Putney to Mortlake

The Boat Race course, known as the Championship Course is 4 miles, 374 yards or 6.8 km long.

It stretches between Putney and Mortlake on the River Thames in South West London.

This course was first used for The Men’s Boat Race in 1845 and has been used for every Men’s Boat Race since; apart from 1846, 1856 and 1863 when the race was held in the opposite direction between Mortlake and Putney and 2021 when the Race was held in Ely.

The Fulham/Chiswick side of the course is known as the Middlesex station. The Putney/Barnes side of the course is known as the Surrey station.

The Boat Race is rowed upstream, but is timed to start on the incoming “flood” tide.

The Men’s Boat Race is an hour and a half before high tide, with The Women’s Boat Race a further hour before so that the crews are rowing with the fastest possible current.

University Boat Race Stone – The Start

The University Stone is set into the towpath on Putney Embankment a few metres west of Putney Bridge.

The Boat Race will start from two stake boats moored so that the competitors’ bows are in line with the University Stone. There is an equivalent stone set into the bank, adjacent to The Ship pub in Mortlake, at the finish of The Boat Race.

There are lots of great activities happening in Putney, it’s the perfect place to watch the coin toss, cheer the crews out and enjoy a friendly family atmosphere. It’s also where we host our hospitality guests – last few tickets still available.

Getting to Putney:

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University Stone

Craven Cottage

A striking landmark on The Boat Race course now is the fantastic new Riverside Stand at Craven Cottage, home to Fulham Football Club.

This year, for the first time, fans will be able to watch the race from the riverside path running behind the stadium giving access from Bishops Park.

Bishops Park and Craven Cottage together form our Fan Zone for The Gemini Boat Race and is going to be a great place to watch the race with big screens, food, refreshments and more – Learn More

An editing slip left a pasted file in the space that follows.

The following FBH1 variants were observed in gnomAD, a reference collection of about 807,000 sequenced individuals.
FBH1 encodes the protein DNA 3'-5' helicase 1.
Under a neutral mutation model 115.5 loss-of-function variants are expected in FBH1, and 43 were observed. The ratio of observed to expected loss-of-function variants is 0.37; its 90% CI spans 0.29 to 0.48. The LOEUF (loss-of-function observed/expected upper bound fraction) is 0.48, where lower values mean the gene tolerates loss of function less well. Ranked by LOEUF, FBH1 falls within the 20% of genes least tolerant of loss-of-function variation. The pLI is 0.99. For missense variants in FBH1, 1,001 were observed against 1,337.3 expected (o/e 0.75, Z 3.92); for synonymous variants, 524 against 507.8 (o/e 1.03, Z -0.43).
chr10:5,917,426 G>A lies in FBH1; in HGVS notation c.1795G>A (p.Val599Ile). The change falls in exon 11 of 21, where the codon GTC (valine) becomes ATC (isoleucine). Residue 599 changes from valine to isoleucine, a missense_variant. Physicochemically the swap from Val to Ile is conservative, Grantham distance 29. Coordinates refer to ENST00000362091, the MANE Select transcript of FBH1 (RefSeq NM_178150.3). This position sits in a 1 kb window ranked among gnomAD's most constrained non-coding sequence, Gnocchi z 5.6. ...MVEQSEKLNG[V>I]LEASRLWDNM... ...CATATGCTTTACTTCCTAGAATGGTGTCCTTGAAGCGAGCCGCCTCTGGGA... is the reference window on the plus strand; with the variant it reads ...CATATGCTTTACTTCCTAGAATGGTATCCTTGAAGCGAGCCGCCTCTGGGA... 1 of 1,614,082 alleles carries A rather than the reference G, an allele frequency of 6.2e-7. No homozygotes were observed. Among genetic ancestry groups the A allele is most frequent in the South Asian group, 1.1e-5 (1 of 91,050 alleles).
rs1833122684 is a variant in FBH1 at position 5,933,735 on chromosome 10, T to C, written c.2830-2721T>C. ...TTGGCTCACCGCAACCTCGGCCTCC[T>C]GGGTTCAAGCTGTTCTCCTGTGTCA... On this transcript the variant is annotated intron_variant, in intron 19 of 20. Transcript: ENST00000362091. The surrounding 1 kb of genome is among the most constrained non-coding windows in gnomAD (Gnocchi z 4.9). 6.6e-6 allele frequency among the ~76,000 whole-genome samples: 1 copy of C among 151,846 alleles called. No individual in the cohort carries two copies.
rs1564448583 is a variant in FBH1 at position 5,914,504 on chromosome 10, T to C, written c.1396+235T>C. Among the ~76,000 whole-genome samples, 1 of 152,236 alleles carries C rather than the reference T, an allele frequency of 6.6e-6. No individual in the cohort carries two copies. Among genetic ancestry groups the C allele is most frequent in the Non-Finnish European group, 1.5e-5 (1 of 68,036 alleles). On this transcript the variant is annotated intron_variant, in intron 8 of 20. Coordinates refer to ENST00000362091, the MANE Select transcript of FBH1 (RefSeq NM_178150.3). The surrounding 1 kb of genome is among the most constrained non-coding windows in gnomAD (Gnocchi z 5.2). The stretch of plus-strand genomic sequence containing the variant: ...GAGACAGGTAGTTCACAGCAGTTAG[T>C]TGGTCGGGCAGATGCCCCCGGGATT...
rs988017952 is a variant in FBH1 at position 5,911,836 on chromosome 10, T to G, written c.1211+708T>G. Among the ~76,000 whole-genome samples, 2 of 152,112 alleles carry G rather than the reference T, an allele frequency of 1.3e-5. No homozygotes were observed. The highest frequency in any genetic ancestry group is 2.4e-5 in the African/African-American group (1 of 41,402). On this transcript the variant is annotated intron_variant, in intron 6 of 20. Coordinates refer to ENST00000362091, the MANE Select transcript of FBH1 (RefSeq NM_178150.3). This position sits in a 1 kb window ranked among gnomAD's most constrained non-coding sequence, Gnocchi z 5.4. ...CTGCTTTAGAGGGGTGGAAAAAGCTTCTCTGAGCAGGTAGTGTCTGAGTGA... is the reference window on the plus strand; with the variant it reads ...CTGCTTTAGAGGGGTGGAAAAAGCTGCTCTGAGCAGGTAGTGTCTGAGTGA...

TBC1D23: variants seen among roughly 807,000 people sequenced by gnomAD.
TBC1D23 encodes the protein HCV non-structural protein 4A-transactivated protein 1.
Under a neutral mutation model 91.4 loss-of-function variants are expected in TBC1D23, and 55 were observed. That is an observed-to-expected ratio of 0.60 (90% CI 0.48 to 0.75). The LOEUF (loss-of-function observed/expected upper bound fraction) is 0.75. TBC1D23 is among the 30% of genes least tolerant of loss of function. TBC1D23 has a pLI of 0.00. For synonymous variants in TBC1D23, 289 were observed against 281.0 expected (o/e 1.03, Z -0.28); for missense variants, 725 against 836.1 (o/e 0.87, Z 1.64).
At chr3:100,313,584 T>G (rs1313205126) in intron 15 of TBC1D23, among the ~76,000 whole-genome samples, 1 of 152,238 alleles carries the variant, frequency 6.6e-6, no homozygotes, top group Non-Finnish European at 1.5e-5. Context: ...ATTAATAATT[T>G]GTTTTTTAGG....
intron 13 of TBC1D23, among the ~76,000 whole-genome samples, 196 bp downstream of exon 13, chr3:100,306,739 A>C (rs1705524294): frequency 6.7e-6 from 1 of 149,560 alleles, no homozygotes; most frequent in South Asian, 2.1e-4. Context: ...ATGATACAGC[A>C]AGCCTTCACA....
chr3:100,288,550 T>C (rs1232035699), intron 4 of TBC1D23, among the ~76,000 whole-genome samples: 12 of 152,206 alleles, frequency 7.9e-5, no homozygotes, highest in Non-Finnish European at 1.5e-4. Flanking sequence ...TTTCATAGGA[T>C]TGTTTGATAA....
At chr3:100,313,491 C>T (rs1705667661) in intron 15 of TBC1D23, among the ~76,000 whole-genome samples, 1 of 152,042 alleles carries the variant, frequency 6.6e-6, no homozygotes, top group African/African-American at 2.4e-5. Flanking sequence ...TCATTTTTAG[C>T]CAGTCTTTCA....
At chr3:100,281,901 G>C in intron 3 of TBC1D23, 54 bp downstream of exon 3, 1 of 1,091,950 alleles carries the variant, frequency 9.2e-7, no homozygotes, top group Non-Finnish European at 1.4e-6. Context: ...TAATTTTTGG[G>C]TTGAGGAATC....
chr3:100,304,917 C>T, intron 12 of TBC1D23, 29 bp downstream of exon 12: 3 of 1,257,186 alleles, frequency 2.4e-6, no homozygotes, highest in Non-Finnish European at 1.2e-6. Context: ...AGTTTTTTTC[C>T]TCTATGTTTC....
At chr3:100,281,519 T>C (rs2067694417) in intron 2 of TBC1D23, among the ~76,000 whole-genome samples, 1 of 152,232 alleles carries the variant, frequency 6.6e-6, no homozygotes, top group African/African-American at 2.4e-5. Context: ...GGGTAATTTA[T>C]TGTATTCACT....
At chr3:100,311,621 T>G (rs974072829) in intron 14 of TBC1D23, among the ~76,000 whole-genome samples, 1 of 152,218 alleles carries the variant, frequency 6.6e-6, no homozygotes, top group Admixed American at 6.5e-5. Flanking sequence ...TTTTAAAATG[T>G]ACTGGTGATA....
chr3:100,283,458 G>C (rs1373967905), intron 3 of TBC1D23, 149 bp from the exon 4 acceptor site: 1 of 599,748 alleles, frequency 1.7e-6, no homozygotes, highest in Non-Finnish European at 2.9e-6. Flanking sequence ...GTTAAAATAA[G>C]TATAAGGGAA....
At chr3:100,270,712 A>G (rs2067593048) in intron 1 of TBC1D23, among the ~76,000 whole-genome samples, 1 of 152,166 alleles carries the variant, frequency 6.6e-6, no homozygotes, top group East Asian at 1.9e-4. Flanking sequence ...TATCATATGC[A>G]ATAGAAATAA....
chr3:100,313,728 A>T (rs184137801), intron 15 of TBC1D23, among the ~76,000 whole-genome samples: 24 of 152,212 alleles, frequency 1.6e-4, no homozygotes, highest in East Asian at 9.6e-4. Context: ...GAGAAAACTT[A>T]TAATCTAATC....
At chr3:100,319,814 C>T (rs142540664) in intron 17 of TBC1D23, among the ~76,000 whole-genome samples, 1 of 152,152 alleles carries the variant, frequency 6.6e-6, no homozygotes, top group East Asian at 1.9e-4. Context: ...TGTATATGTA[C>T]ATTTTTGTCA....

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Hammersmith Bridge

At Hammersmith Bridge the advantage of the Surrey bend starts to come into play. Traditionally cox’s aim for the second lamp post from the left as they pass under the bridge.

80% of crews ahead at Hammersmith Bridge go on to win. It is at this point the cox on the Surrey station can steer a course to capitalise on their advantage, trying to push the Middlesex crew as wide as the Umpire will allow.

The Men’s Boat Race record to Hammersmith Bridge of 6 mins 20 secs was established by Cambridge in 1998, and The Women’s Boat Race record of 7 mins 8 secs was also established by Cambridge in 2017.

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Chiswick Eyot

Pronounced eight, Chiswick Eyot is a small uninhabited island, formerly used for growing osiers (a type of Salix or Willow used for basket making). It is now a nature reserve.

The river is very briefly straight here and as a result can be exposed to some rough conditions – such as The Boat Race in 2006. Often one crew will make their decisive move as they approach the island.

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Chiswick Eyot

Barnes Bridge

Barnes Bridge is the final bridge that the crews will pass under as they race and in a tight race can prove to be a key area for tactics as the river sweeps sharply round towards the finish at Chiswick, giving an advantage to the crew on the inside of the bend.

Whether they’re winning or losing, don’t expect to see smiles on the faces of the athletes as they pass here, this is where it really hurts with only a few minutes left!

There are a handful of great pubs to watch from here (like the one pictured) – read our pubs guide here.

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The Finish

The finish is just before Chiswick Bridge, marked by the University Boat Race Stone on the Surrey Bank and a post in the river on the Middlesex side painted in the University’s colours.

After months of training, if not years, it is here that the winners express their joy and the losers their despair.

The Men’s Boat Race record is held by the 1998 Cambridge crew who completed the course in 16 mins 19 secs. The Women’s Boat Race record of 18 mins 33 secs was established by the 2017 Cambridge crew. The times however mean little when considered against the result of the day; won or lost.

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